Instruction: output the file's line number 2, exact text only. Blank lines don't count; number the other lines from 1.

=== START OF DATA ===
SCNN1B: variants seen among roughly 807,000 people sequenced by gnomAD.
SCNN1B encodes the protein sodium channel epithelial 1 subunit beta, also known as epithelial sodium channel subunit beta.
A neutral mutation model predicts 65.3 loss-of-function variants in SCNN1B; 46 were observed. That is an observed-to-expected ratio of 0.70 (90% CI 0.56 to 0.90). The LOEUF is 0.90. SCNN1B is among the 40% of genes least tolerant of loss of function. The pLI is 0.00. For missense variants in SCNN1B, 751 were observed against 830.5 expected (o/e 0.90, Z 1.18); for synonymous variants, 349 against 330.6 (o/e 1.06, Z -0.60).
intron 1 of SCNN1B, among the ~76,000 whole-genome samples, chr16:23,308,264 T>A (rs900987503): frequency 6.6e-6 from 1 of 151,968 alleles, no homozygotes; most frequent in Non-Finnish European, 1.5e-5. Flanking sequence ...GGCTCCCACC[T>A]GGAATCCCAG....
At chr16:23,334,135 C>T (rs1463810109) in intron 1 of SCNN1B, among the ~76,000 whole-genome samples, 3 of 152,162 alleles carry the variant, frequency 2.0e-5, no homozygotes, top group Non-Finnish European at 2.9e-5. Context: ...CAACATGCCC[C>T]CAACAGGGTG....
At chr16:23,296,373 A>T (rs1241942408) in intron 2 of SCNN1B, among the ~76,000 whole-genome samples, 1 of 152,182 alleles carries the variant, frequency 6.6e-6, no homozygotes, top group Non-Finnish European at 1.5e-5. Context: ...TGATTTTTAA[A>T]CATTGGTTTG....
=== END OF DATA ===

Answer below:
SCNN1B encodes the protein sodium channel epithelial 1 subunit beta, also known as epithelial sodium channel subunit beta.